Chopin Scherzos

I recently recorded the Chopin Scherzos at the Menuhin Hall in Surrey in September 2009. You can listen to any of the Chopin Scherzi from this recording by choosing the appropriate track on the ipod on the right. (To choose a track click on the round button at the bottom of the ipod). These tracks are in 192khz MP3 and are below cd-quality.

Alternatively you can buy my CD of the four Chopin Scherzi - details here. For the hard-core technofiles, visit the download page to download the 96khz, 24-bit version!

Here follows an amended extract from the program notes from my CD:

"Chopin embodied the Romantic movement in Poland, although he went to great pains to absorb the music and discipline of previous classical and baroque masters. Most of his output is for solo piano, apart from 2 piano concertos and a handful of works for piano and orchestra, a cello sonata and some songs. Chopin's Four Scherzos, which were written between 1832 and 1842, contain some of his most red-blooded and turbulent music. This immediately places them apart from the elegant minuet and trio from the Classical world of Haydn and Mozart, as well as from the symphonic scherzi of Beethoven and Mendelssohn. The fact that the direct translation of the word scherzo is actually ‘a joke’, seemed to be of no consequence to Chopin. As Liszt observed, ‘his scherzi are the breathings of stifled rage and of suppressed anger’. Indeed, the Chopin Scherzos are accurately described as strong-fibred, dramatic and, at times, sombre.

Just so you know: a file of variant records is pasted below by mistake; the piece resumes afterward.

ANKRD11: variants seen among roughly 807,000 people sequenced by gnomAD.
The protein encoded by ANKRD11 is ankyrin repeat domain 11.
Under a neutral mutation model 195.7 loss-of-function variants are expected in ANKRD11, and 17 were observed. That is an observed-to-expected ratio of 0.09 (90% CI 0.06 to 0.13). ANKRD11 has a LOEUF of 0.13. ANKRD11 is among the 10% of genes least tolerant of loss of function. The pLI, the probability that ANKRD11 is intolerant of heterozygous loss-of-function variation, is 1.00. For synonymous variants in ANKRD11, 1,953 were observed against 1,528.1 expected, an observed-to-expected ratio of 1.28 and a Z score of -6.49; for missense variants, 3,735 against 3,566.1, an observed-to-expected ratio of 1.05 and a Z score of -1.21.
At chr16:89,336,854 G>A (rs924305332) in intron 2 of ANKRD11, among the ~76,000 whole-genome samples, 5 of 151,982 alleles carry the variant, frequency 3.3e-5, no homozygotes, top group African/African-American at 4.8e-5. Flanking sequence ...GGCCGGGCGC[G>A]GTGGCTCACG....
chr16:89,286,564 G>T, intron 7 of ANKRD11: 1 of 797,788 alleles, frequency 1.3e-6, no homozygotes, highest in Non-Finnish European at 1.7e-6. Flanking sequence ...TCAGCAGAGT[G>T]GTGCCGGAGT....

The Chopin Scherzos place extraordinary demands on the player. David Dubal, in his book on the piano, said that these scherzos are ‘epics among Chopin’s works; and their instrumental brilliance has made them staples of the recital hall. Each one demands a highly polished technique.’ But, as with all good music, there is more to the interpretation than just technique. Concentration, a firm grasp of complex structure and encompassing all the mood swings with their colour changes are essential attributes for navigating the Chopin Scherzos."





©2010 Jonathan Oshry • joshry@hotmail.com